Sutton Elementary promotes sport literacy with new pump track

By Michael Boriero
Local Journalism Initiative

It took nine months, nearly 40 volunteers, more than 400 hours of work, and countless donations from the community, but earlier this month Sutton Elementary School was finally able to unveil its new pump track for beginner mountain bikers.
Principal Don Kerr gathered all of the students outside to showcase the latest addition to the school grounds. Three experienced bikers ripped around the track, showing off impressive jumps, and looping around the small patch of asphalt meant to mimic mountain terrain.
“This track is built for beginners, regardless of what you are seeing from these professional riders, the track is meant to always have two wheels on the track at all times, so there’s no way a beginner can wheelie up and jump and stuff like that,” Kerr told The Record.
Last year, the school obtained a significant bicycle donation from Turkey Hill Farm and Pleins Rayons in Cowansville. According to Kerr, they wanted to provide students with a physical activity fit for the pandemic — one that met all of Quebec’s health and safety measures.
“We were looking for things to do around here because there were no activities that we could go out and do, so biking was a nice individual activity, a sport that they could do. We completed the set with bikes we purchased from sports experts,” said Kerr.
There are about 50 bikes in total. The track is not large, but it features several bumps and turns to help students adapt to the uneven terrain found in mountains across Quebec. There is also a short gravel path that connects through the woods and back to the track.
Kerr has always lived by the philosophy that children need to learn more than one sport. If you specialize in just one sport at a young age, and then grow tired of it in high school, then you won’t be as competent in other sports or activities, he explained.
“My background is in physical education. I was a high school [physical education teacher] and my goal there was to always promote physical literacy, to be able to practice a multitude of sports, so that you’re not always stuck in one sport,” said Kerr.
Only three per cent of athletes make it professionally, he added, so it’s important to diversify a child’s abilities and motor skills; biking is easy, accessible, and suitable for all ages. He was also able to construct the pump track at a fraction of the cost thanks to donations.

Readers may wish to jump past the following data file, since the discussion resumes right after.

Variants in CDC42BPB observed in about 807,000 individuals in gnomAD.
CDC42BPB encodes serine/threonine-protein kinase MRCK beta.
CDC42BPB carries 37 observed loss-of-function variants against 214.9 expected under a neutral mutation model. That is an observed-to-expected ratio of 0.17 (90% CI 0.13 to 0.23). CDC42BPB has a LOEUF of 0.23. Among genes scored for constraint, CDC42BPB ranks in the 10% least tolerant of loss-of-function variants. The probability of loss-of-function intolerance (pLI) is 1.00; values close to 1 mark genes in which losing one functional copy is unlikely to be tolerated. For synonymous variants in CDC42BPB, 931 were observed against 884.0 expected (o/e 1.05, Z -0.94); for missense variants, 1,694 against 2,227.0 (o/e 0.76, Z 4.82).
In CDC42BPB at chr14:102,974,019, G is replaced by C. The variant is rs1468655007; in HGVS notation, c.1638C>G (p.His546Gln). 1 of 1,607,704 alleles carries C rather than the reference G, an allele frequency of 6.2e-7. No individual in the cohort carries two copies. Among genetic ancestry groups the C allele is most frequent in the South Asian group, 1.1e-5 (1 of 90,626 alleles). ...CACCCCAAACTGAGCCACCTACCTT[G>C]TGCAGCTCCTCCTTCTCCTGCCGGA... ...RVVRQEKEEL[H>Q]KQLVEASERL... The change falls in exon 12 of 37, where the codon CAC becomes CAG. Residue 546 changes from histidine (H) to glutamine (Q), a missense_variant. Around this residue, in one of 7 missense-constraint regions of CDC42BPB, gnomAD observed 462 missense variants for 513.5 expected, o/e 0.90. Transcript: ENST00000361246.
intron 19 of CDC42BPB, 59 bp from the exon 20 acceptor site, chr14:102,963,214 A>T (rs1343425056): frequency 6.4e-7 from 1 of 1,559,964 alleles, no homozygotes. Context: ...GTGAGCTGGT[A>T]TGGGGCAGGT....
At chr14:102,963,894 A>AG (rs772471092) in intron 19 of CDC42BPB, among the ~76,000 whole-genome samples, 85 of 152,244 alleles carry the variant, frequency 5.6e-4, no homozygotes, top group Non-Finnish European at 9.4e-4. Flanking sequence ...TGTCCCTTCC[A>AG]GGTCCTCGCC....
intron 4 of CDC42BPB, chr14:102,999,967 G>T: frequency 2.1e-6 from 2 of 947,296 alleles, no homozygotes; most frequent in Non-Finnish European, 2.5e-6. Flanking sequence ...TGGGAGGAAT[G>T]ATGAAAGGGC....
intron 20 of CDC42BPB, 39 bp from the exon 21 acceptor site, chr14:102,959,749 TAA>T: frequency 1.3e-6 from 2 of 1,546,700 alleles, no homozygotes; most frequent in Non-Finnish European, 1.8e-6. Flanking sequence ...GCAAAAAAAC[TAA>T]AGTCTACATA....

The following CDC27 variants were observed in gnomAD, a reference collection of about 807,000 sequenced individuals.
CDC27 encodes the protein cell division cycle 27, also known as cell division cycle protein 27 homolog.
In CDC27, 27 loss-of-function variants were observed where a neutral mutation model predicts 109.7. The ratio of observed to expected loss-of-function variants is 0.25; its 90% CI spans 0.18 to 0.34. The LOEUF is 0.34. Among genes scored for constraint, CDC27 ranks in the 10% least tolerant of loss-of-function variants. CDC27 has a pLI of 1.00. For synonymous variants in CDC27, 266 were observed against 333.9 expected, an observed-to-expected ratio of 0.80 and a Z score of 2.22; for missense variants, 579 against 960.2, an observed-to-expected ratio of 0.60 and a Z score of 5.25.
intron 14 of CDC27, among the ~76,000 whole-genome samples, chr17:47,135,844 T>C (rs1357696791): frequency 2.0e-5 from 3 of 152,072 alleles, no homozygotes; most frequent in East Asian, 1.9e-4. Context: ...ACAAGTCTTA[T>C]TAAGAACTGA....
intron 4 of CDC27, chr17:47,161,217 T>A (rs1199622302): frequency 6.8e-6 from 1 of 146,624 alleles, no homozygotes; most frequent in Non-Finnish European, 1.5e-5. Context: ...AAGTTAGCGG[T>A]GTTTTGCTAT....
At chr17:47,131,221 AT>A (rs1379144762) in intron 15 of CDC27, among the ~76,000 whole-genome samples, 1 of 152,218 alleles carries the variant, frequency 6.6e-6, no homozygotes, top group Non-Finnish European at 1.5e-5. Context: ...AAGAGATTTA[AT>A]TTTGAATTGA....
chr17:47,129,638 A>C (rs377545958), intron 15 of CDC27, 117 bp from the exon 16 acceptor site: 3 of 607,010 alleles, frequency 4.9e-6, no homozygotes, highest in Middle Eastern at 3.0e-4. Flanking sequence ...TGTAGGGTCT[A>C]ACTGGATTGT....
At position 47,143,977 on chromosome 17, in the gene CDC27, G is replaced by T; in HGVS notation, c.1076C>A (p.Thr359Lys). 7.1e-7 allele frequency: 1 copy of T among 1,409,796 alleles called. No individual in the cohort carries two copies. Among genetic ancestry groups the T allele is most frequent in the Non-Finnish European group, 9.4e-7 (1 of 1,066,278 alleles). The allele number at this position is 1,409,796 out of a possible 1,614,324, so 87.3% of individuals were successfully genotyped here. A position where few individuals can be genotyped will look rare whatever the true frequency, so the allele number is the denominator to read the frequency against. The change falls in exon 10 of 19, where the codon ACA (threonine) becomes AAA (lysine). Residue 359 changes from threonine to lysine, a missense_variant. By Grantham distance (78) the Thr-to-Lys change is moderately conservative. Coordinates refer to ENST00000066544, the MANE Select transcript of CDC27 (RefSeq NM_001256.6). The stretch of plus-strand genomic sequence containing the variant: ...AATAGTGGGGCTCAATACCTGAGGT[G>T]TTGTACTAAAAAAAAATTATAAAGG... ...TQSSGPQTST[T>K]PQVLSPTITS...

“Well basically what happened was we had a lot of volunteers working, so all the costs that usually go into paying contractors and stuff like that, we were able to save there,” said Kerr, adding that the school also used portions of grants to fund the project.
Nathalie Frizzle and Martin Demers were instrumental in putting the pump track together. It’s even named after them in honour of the blood, sweat and tears the couple put in to complete the project before the school year kicked off in September.
According to Demers, the school called them about the pump track. They are avid mountain bikers, travelling all over Canada to find the best paths. He told The Record that the track at the elementary school is set up perfectly for kids looking to learn the ropes.
“The pump track is just perfect, kids always stay clean, they don’t ride in dirt, so it’s just a perfect set up, and for the learning curve for mountain biking, this is the best thing you can do,” said Demers, explaining that the school originally wanted to create a path in the forest.
Demers, who builds camper vans for a living, supplied most of the equipment for the project, even though he has never personally worked with asphalt. It was a challenge, Demers admitted, but he wanted to give back to the community.
Frizzle, Demers’ wife, was there every step of the way. She said that they have always spoken about how Sutton needs to develop playgrounds to promote biking in the Eastern Townships. There are already more advanced pump tracks in Waterloo and Bromont.
They live about a kilometre away from the school. Frizzle said they spent many evenings there, working on the track from 5 to 9 p.m., and eating dinner outside as a family with their son Arnaud. They were actually able to get it done faster than going through a contractor.
“If you hire a business that does pump tracks it’s a three-year plan with schools, we did it in nine months. And it’s not our business, it’s not our job, we had to learn everything,” Frizzle said, adding that she and her husband are honoured to have the track named after them.

Share this article